SUMMARY– 2017/2

Zoltán Szalay (1935-2017) did not reach the 35th opening of the Hungarian Press Photography, of which he was the director for nearly 30 years. He started his career in the fifties and for the past sixty years or more worked as a press photographer and image editor for practically every major national news media outlets. A generation of youths viewed him and looked up to him as their master. He left behind a gigantic life’s work. The Art of Photography bids him goodbye through the writing of Károly Kincses.

The series by Rita Somosi introducing young photographers, continues by introducing Balázs Deim with his article, Nyomokban embert is tartalmaz (Also Contains Traces of Humans) It is a systematic overview until now ofBalázs Deim’s series, with flashes of the source of a few outside influences that touched the artist. The central role in a significant part of Balázs Deim’s works is played by the man-made physical environment and the abstraction originating thereof. His other series employ everyday objects, using their triviality to formulate statements about the communication between man and his environment. For good measure, in the case of his works, our own observation has an important place as well, since that is his main concern in the CCTV series as well as the Térfigyelők (Space Observers) series.

Whoever or whatever is not on a photograph could often be as important in terms of the message, as what is portrayed. What avenues could the feeling of not being there have, or the feeling of deprivation of something, someone? What connection could there be between the „being there”, the „present” and the „now”?  Gábor Pfisztner’s essay circles around this aspect of the problem.  The question itself is not alien from the exhibition at the Mai Manó Ház (Today’s Gnome house) organised by the house under the title Látható hiány (Visible Void) in recent past. The observations in this essay are worthy of reflection about such image types where, what is not there, is yet somehow summoned up, even for those where the present is rather effaced, hidden, and handed over to invisibility.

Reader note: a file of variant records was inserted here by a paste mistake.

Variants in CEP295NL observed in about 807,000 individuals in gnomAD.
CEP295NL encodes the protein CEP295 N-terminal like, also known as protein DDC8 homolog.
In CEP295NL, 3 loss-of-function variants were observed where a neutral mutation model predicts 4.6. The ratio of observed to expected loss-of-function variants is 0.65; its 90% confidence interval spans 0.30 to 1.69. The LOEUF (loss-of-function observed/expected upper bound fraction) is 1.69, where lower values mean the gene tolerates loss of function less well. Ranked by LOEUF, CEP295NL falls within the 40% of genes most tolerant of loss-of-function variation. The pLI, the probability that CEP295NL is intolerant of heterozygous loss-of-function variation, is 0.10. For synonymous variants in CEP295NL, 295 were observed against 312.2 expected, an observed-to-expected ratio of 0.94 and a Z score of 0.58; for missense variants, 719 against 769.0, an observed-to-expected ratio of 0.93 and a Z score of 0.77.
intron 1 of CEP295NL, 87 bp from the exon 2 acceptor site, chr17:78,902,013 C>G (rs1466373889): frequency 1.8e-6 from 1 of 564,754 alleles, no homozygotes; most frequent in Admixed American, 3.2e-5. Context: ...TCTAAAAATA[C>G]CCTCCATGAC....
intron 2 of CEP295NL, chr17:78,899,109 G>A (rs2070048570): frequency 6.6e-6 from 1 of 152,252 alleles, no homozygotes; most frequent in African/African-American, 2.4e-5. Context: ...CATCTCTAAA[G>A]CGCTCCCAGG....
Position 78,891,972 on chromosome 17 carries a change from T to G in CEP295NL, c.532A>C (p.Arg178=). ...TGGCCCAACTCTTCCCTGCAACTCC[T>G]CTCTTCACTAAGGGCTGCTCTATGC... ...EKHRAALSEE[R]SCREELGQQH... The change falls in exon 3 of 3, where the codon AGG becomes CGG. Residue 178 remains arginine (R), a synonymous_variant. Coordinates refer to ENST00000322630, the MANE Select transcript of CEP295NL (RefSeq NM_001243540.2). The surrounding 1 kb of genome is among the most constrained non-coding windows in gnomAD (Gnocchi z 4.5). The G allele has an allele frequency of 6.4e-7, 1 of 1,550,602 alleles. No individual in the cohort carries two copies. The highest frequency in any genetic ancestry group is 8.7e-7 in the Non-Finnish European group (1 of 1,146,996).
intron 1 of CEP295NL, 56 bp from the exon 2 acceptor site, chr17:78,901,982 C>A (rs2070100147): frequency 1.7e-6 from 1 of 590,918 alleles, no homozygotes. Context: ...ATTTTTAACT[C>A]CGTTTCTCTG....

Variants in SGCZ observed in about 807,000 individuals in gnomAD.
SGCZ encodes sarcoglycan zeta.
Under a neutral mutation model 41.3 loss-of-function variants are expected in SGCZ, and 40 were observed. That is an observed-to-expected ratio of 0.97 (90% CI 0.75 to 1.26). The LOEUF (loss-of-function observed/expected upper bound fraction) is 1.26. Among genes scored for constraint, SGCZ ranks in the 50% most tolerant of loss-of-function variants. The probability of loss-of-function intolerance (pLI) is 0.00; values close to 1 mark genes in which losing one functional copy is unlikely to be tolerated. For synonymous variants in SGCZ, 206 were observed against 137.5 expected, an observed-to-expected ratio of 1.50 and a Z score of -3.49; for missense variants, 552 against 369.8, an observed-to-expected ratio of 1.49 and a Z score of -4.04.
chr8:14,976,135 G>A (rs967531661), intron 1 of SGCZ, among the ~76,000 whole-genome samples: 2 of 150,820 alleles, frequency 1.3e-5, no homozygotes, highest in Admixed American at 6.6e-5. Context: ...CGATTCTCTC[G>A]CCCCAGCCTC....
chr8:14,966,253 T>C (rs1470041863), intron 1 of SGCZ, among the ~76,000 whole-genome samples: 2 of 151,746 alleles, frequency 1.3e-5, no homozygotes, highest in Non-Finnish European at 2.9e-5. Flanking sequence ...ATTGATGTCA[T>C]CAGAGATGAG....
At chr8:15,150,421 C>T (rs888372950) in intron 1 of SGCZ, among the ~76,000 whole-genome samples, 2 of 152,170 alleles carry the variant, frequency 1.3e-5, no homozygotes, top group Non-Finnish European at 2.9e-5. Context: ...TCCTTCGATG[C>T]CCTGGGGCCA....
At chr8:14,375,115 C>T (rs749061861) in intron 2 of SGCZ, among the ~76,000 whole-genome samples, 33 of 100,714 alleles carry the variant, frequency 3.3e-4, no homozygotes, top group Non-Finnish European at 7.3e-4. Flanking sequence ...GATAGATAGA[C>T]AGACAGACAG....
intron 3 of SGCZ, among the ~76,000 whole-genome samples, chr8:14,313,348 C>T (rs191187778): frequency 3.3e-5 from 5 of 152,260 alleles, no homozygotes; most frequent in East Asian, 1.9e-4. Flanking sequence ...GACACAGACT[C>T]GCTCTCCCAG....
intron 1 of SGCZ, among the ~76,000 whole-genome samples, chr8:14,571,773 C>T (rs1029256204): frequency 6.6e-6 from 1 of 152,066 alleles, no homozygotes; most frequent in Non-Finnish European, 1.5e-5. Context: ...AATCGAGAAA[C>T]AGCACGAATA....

Rediscoveries abounded in recent past. Anne Kotzen’s article offers a richly illustrated review of an impending rediscovery of a photographer’s career and works.  Although E. O. Hoppé (1878-1972) was born in Vienna, he worked in London since the beginning of the twentieth century, where, at the age of 29, he abandoned his banking career and opened his own studio.  He was a member of the Link Ring Brotherhood, and a contemporary of Stieglitz, Steichen and Coburn.  Throughout his life, pictorialism was always a decisive factor. Cecil Beaton wrote the preface in his book, published in 1945. The portrait photographs, as well as those of industrial establishments, reflected an original romantic perception conceived at the beginning of the century.  He left a colossal photographic legacy, as he had worked to the end of his life, and after a long silence, this legacy is being recently explored and processed. 

For decades, the artist-duo Gilbert & George played a characteristic role on the international photography scene. György Cséka’s article, Szar és ornamentika (Shit and Ornamentals) undertakes the offering of an overview of the artist-duo’s accomplishments from their beginnings to their current activities.  The piece does not propose to engage in details about their 50-year creative period. It is confined to highlighting and commenting on a few nodes in the duo’s work history, which may give the reader some guidance into getting to know this life-long extraordinary artistic labours and identifying possible interpretations of their ranges.